Under constant voltage charging, the oxygen circulating current also contributes to the charging current, slowing the rate of decline of the charging current. Nevertheless, the heating of the lead-acid battery may cause the charging current to decrease more slowly, or even rise reversely. Battery heating can lead to an increase in the charging current once it reverses, resulting in a continuous rise to the current limit. This generates high heat, accumulating until the battery shell is thermally softened and deformed, causing the battery to bulge due to the internal high air pressure.
This is the battery thermal runaway that damages the battery. Once the lead-acid battery is seriously swollen, problems such as acid leakage and air leakage also occur, leading to acute battery failure. There are various factors that induce battery bulging. If the charging voltage is high and gas evolution is substantial, thermal runaway is likely to occur.
If a group of batteries or a single-cell battery lags significantly, and the constant voltage value of charging remains unchanged, other single-cell batteries will experience relatively high charging voltage, leading to the problem of thermal runaway. To reduce the likelihood of thermal runaway, many charger manufacturers decrease the constant voltage to 43 volts, but this inevitably results in undercharging. manufacturers decrease the constant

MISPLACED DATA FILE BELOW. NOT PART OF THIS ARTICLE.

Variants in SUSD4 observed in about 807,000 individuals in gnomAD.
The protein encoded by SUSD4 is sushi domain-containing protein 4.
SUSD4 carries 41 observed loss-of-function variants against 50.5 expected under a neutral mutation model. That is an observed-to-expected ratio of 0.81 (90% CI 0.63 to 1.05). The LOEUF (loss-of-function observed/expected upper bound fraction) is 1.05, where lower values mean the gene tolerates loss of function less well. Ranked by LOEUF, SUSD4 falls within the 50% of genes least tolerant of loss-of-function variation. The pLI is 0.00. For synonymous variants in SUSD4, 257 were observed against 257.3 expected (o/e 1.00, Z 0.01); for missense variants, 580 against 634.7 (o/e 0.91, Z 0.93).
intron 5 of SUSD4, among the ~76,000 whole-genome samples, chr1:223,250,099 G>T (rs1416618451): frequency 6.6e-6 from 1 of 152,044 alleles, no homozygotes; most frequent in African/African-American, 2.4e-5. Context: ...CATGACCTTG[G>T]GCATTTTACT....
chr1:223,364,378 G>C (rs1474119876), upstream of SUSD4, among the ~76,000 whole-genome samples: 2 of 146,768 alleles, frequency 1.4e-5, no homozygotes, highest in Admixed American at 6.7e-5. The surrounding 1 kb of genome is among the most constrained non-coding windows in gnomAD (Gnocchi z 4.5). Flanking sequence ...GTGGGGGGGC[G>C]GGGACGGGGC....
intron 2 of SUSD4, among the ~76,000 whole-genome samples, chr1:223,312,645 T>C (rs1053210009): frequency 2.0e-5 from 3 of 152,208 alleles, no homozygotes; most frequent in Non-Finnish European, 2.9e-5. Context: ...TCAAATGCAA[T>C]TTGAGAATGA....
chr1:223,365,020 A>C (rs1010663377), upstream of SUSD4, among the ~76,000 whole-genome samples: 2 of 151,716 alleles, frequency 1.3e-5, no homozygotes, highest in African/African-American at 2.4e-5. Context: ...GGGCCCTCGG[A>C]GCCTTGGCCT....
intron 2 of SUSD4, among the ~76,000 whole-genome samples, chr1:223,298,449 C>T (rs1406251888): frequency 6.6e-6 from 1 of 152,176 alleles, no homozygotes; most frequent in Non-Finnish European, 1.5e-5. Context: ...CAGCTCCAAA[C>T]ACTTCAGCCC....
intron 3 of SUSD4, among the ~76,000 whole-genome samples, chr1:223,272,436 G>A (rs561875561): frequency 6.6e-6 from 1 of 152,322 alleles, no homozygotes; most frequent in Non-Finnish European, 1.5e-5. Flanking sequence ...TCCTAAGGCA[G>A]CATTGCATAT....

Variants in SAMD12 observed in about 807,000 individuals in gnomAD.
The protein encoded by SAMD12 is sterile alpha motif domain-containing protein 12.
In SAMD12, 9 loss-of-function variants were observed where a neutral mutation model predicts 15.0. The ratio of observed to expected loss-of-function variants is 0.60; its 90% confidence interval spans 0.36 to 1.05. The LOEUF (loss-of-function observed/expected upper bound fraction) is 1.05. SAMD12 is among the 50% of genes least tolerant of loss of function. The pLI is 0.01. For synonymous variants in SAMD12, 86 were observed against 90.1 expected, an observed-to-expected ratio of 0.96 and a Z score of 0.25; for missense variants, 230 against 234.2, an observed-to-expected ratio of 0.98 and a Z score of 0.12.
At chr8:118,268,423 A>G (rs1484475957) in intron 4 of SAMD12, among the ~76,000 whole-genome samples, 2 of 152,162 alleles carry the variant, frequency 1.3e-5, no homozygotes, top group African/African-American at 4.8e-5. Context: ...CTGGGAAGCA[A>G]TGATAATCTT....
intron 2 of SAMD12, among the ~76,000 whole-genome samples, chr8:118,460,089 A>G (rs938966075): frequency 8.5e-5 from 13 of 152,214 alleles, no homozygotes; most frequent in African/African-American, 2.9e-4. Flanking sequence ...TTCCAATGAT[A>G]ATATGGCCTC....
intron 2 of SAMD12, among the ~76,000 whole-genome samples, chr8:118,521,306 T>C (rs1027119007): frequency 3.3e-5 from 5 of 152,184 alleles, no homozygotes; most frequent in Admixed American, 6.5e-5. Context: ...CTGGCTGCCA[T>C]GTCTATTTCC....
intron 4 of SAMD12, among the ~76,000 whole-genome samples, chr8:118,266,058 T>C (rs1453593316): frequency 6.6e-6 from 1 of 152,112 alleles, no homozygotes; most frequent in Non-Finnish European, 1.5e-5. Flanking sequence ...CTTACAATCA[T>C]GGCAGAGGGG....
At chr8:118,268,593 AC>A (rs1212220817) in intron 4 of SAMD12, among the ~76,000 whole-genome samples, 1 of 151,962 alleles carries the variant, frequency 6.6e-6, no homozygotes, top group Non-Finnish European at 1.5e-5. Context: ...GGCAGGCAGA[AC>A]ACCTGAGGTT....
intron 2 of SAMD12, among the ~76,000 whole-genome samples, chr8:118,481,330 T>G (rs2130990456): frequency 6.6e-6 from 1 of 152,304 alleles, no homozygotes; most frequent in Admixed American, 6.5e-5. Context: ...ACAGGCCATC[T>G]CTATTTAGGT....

Another reason for the heat generated during the charging of lead-acid batteries is sulfurization. Sulfurization directly increases the internal resistance of the batteries, subsequently causing increased charging heat. This heating also elevates the oxygen circulating current, making batteries with severe sulfurization more prone to thermal runaway.
Analysis of the failure modes of lead-acid batteries for electric bicycles reveals that 90% of failed batteries exhibit severe water loss. Gel batteries experience less water loss than ordinary batteries, potentially resulting in a longer lifespan. Gel batteries also exhibit less self-discharge during storage, as evidenced by the ratio of capacity decline after storage. Despite having a certain internal pressure, gel batteries experience less water loss due to gas evolution than common batteries.
Each time the valve opens, gas dissipates some heat. Colloid lead-acid batteries have fewer valve openings than ordinary lead-acid batteries, and their advantage lies in reduced water loss. However, fewer gas and water losses, fewer valve openings, and less heat dissipated from the battery result in higher internal temperature rise compared to ordinary batteries. Increased internal temperature, in turn, leads to higher self-discharge and heat generation.